Skunk cabbage leaves are already bigger than a dinner plate and they'll get bigger yet. Note how the leaves start out curled up like a cigar. Photo taken 21 April 2011.

In this lowland area there were ferns beginning to roll out their fronds and other small plants growing green. Brambles and garlic mustard are some of the first plants to really get growing at this time of year.

Skunk cabbage, Symplocarpus foetidus, is surprisingly edible. Crushing a leaf releases a skunky odor, so you wouldn’t think to eat this stuff. Eating a raw leaf will cause intense burning in the mouth because of the presence of calcium oxalate crystals. Drying the leaves or rootstock thoroughly will remove this property. Dried leaves can be reconstituted for use in soups or stews or used as a cooked green. According to¬†Peterson’s Edible Wild Plants Guide, the rootstock can be dried and pounded to make a flour that is somewhat cocoa-like.

Old Corn Fields Covered with Chickweed

Walking past bare fields to get to the woodland trail, we couldn’t help but notice all the weeds growing in the place of corn or soybeans. On this walk we saw chickweed, purple dead nettle, speedwell and henbit among the ground covers flowering in the sunshine of the day. As you drive down the highway and see barren fields, the ones with a haze of purple on the ground are home to purple dead nettle.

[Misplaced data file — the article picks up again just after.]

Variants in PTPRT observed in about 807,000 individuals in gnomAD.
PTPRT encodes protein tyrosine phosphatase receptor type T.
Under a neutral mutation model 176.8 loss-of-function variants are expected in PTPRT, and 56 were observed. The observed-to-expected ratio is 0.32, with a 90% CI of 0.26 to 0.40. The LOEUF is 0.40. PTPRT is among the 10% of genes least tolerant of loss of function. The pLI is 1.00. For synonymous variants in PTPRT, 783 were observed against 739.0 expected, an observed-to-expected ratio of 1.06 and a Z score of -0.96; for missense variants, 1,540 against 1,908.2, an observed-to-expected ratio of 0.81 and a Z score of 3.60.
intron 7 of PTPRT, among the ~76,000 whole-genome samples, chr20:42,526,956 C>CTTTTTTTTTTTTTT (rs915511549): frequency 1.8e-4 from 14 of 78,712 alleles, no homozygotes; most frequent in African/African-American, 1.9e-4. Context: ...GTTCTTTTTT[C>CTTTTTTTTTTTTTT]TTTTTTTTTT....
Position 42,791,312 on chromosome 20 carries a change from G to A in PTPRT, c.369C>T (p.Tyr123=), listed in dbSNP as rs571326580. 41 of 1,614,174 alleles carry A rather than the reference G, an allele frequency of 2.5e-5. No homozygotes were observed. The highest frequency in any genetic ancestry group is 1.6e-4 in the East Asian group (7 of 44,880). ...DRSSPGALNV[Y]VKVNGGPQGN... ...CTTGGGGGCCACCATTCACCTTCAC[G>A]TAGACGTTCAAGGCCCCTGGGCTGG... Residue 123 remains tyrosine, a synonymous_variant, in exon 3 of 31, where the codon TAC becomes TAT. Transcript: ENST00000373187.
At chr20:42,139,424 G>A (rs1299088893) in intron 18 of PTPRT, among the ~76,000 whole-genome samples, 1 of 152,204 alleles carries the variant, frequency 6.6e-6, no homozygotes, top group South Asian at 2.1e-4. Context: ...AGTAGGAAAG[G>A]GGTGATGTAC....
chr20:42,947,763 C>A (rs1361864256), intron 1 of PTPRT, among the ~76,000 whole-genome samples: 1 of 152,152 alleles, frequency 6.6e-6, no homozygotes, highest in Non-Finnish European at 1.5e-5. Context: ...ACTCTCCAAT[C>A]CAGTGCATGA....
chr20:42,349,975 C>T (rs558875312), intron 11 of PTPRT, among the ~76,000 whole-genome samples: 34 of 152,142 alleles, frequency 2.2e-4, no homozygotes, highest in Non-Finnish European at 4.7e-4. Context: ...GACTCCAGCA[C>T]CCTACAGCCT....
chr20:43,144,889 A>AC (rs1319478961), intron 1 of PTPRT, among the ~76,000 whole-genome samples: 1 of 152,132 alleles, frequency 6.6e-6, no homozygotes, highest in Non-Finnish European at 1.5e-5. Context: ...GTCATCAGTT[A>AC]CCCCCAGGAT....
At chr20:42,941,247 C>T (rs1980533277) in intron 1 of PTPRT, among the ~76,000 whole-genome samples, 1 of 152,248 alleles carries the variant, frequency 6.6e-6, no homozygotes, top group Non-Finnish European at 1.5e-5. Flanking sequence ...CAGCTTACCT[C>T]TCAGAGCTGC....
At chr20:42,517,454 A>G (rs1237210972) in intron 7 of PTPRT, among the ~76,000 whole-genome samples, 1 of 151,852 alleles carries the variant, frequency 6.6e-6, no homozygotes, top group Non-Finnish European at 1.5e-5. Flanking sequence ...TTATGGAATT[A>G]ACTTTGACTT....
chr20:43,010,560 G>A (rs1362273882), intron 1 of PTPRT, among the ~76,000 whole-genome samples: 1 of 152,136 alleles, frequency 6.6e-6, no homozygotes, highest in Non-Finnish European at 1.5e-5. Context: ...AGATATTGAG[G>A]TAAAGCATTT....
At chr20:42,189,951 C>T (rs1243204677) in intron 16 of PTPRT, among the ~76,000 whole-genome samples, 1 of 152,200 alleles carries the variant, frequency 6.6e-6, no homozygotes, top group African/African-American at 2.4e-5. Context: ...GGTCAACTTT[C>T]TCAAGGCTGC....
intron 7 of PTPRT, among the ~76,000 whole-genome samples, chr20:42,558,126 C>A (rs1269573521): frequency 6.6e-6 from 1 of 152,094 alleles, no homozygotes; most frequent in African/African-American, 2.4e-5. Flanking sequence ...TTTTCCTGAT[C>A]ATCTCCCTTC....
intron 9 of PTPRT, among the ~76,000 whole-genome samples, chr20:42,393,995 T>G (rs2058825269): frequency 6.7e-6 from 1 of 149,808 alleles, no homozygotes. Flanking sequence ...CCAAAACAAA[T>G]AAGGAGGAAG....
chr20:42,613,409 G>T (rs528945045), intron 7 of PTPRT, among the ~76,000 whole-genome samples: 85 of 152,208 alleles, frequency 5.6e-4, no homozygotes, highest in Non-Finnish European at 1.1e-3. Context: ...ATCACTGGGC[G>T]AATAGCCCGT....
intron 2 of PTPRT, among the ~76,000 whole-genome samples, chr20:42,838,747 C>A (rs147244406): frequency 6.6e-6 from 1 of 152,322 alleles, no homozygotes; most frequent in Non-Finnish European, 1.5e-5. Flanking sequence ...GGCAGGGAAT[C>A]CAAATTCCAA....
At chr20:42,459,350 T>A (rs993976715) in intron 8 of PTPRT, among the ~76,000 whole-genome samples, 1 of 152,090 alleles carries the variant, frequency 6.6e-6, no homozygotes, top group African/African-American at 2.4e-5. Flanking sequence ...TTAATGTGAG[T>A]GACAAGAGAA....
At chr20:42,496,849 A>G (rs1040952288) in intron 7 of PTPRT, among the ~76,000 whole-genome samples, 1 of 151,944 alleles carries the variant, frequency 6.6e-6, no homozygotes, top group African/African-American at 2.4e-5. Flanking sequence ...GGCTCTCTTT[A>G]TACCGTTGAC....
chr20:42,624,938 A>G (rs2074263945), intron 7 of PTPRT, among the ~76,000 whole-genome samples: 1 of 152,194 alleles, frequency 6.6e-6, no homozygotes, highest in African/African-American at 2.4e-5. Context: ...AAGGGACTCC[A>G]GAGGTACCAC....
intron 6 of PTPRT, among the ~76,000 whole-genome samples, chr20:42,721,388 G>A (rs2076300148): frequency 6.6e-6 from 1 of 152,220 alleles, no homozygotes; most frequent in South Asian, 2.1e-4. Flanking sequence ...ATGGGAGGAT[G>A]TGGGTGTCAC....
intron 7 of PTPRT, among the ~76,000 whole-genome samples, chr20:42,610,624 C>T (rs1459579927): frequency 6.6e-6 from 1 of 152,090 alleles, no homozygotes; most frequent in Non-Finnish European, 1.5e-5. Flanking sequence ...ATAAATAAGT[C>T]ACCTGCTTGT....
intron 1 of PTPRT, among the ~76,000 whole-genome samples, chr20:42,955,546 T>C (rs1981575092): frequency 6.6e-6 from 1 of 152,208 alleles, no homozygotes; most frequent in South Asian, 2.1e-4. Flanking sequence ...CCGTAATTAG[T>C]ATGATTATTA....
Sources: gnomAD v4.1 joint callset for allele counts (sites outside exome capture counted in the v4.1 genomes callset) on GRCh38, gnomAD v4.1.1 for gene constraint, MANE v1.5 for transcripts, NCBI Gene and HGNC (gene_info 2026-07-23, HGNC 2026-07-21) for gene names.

Most of the green ground cover growing in this old corn field is chickweed.
Most of the green ground cover growing in this old corn field is chickweed. Photo taken 21 April 2011.
Chickweed grows low to the ground, a.k.a. groundcover.
Chickweed grows low to the ground, a.k.a. groundcover. Photo taken 14 April 2011.

Chickweed flowers have five narrow, white petals with a unique feature. Each petal is cleft or split down the middle. The Common Chickweed, Stellaria media, that is photographed here, appears to have ten petals because the cleft is so deep.

Common Chickweed flowers with five cleft white petals.
Common Chickweed flowers with five cleft white petals. Photo taken 14 April 2011.

There are over a dozen kinds of chickweed and they’re all edible. Gather up the tender stems and flowers for a salad or just add a few sprigs to a lettuce salad. Lettuce has been growing for about a month now out in the garden, so it’s time to enjoy it. Some chickweeds have fuzzy leaves and they’re better eaten after cooking. Boil the leaves for five minutes and serve as greens.

The fields around here will be planted just as soon as the tractors can get past all the rain and mud. According to the forecast it doesn’t look like much planting will done this week.

Bluebells and Spring Beauties Along the Creek